Thursday, June 29, 2017 by Lance D Johnson
In a move that might not come as much of a surprise, Whole Foods’ new owner Jeff Bezos is expected to do away with human employees and replace them with robots. The 13.7 million deal that gave Bezos control over Whole Foods could ultimately hurt American workers. According to company documents reviewed before the Whole Foods acquisition, Jeff Bezos plans to automate both the Amazon and Whole Foods warehouses with a new fleet of robots. The deal will also impact workers in the UK and Canada. Supply chain consultant Brittain Ladd said that with the merger, Bezos plans to build a network of automated warehouses that serve both companies. But will the move serve employees, or leave them out in the cold?
It’s hard to predict just how many human jobs will be shuttered through this process. Amazon employs approximately 351,000, but with the Whole Foods acquisition, it seems Bezos wants to consolidate resources, putting robots and profit before people and their livelihood.
Gary Hawkins, CEO of the Centre for Advancing Retail and Technology, said: “The easiest place for Amazon to bring its expertise to bear is in the warehouses, because that’s where Amazon really excels. If they can reduce costs, they can show that on the store shelves and move Whole Foods away from the Whole Paycheck image.”
How long will it take Bezos to overhaul Whole Foods entirely and replace human workers inside the store? Austin Bohlig, an advisor at Loup Ventures, says that robots are capable of working alongside human workers in a grocery store setting, but Amazon wants to make sure that this is safe before it’s employed. McDonald’s just announced a sweeping change to their ordering process, replacing human workers with kiosks. In-store robots are the next step toward a more automated economy, where countless human workers are sidelined and global corporations expand their operations unchecked. If distribution continues to become more automated, how will this change the lives of working Americans and others across the globe? How will this impact small businesses that don’t have the ability to keep up in an automated economy?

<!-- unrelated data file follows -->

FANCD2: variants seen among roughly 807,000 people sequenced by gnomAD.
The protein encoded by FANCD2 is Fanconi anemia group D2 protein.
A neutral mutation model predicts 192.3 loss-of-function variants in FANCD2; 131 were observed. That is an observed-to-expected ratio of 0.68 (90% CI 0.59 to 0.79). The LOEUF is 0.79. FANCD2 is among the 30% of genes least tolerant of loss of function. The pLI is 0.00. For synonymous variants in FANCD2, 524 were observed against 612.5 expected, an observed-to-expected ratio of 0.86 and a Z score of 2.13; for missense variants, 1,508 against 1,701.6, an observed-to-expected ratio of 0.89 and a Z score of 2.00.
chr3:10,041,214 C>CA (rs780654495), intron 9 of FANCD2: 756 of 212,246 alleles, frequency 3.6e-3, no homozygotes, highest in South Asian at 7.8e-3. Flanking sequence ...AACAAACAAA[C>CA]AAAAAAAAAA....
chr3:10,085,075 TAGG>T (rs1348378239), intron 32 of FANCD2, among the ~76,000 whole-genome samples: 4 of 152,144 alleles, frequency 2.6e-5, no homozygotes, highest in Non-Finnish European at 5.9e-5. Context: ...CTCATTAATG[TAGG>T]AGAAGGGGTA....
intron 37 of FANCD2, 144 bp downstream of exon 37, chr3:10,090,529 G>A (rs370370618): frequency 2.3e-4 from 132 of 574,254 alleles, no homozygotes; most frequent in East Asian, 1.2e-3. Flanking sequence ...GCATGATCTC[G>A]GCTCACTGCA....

Many fear that Bezos’ takeover of Whole Foods will also compromise the organic quality and purity of foods sold at Whole Foods. There is reason to believe that Whole Foods will reverse its decision to label everything it sells with GMO status by the year 2018. When confronted with a concerning heavy metal analysis of some of their products, Whole Foods management turned a blind eye. Under Bezos, this behavior will only get worse, since his globalist interests are already being revealed through his actions in business. Bezos is also the owner of the Washington Post, which has become a mouthpiece for globalist agendas.
Success in business isn’t always the result of goodwill. As witnessed at the Bezos-owned Washington Post, facts are malleable and the truth is expendable to fit any agenda. If Bezos uses his news outlet to please sponsors and corporate interests, how can anyone believe that he’ll put employees first as he takes over at Whole Foods?
As Bezos takes over Whole Foods, he may see clean organic food as a market to capitalize on. Clean organic food will become more and more like a marketing gimmick, while the actual integrity of the products falls into question. Finally, if the truth is expendable, and Whole Foods is just something that Bezos can use to take advantage of well-intentioned consumers, then how might human workers become expendable too as the new merger prioritizes workforce automation over people’s jobs? This all begs the question: Isn’t it time to break up the Bezos monopoly?
Follow more news about Whole Foods at WholeFoods.news.